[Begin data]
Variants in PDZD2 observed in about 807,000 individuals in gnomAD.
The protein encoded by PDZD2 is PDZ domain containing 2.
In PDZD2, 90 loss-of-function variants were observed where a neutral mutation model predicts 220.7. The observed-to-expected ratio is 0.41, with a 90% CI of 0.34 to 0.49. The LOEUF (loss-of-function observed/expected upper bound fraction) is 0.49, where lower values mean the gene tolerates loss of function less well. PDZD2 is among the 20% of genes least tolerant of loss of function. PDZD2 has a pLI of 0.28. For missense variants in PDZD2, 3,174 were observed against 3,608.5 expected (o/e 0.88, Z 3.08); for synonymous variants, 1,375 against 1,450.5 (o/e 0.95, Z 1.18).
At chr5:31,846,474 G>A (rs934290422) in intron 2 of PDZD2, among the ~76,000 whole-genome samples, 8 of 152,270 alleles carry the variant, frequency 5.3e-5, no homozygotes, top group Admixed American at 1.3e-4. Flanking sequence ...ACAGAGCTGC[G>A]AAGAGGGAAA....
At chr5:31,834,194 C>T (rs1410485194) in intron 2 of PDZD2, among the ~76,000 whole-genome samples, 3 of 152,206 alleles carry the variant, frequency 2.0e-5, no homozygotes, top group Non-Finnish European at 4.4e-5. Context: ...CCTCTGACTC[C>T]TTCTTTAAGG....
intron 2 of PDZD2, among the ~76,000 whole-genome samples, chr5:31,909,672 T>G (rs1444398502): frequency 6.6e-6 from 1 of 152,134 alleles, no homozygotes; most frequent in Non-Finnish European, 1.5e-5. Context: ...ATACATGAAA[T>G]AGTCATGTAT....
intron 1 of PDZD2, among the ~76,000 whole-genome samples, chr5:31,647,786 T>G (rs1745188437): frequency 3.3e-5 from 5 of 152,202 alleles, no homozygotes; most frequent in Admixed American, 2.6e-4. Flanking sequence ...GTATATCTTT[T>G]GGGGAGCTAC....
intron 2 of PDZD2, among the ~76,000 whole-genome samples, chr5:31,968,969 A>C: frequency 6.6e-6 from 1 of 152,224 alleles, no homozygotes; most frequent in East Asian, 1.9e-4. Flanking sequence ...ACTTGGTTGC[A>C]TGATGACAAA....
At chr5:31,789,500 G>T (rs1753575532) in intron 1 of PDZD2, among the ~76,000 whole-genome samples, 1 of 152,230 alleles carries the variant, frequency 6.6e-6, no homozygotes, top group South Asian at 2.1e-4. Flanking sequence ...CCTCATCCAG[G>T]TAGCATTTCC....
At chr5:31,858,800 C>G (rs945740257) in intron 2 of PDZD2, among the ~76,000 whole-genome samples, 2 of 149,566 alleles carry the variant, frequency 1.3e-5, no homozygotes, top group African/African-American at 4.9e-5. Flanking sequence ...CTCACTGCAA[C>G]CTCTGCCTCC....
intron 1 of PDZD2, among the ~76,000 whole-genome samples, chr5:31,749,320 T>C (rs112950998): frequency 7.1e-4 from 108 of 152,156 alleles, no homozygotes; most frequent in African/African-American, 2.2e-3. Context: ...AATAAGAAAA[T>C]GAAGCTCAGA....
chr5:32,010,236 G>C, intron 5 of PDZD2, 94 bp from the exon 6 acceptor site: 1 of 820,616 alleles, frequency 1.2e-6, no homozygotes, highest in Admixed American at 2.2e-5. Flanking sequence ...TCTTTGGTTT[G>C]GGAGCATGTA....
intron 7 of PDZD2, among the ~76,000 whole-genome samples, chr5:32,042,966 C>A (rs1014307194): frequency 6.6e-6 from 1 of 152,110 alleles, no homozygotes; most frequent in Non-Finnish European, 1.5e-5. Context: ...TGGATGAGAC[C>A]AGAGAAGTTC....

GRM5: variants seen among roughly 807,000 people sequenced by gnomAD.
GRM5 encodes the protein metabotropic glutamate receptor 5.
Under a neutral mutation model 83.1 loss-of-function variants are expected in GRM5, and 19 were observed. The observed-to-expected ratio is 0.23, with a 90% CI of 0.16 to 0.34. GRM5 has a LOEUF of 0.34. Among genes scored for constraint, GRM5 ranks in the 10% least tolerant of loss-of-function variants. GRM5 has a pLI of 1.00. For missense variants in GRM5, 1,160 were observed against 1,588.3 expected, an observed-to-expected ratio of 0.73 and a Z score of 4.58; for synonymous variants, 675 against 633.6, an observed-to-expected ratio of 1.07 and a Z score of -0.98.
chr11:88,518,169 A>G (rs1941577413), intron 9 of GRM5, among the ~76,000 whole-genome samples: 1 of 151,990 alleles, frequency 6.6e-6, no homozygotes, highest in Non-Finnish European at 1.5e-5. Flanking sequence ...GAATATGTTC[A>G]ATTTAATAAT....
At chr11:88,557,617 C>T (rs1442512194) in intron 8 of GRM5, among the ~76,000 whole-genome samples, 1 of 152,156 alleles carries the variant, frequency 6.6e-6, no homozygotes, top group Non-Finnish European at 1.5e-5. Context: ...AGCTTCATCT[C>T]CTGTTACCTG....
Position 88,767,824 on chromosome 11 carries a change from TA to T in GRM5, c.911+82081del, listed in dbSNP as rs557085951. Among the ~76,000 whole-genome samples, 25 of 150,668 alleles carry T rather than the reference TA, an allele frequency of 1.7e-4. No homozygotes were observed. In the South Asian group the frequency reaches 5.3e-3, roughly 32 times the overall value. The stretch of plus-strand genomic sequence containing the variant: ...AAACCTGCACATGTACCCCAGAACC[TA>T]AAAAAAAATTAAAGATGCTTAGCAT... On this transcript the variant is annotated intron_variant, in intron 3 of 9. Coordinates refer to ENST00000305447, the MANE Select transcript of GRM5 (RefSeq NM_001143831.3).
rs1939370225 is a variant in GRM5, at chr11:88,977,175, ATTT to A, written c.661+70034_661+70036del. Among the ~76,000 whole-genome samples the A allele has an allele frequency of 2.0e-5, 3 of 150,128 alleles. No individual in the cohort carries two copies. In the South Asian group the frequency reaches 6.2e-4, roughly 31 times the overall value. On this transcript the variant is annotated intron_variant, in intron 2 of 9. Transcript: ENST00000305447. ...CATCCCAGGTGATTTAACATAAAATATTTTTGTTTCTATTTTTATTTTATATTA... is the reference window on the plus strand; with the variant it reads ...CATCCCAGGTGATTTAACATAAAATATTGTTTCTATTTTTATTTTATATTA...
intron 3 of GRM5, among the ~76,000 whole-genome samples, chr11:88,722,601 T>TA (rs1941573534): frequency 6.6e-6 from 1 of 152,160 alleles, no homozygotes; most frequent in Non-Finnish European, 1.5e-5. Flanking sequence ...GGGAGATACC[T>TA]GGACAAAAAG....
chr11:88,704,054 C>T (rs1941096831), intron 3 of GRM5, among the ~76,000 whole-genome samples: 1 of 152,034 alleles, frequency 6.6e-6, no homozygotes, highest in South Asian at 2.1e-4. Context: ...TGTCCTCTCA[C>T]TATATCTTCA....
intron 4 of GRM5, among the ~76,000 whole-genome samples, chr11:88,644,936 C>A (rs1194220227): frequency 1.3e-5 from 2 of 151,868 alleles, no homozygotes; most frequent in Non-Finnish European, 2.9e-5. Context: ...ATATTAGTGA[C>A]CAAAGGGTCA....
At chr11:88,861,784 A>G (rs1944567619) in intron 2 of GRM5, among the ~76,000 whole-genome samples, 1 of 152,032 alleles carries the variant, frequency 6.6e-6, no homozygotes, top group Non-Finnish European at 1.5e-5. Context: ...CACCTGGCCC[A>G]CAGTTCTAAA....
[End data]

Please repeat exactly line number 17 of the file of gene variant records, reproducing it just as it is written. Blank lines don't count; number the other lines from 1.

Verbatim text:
chr11:88,518,169 A>G (rs1941577413), intron 9 of GRM5, among the ~76,000 whole-genome samples: 1 of 151,990 alleles, frequency 6.6e-6, no homozygotes, highest in Non-Finnish European at 1.5e-5. Flanking sequence ...GAATATGTTC[A>G]ATTTAATAAT....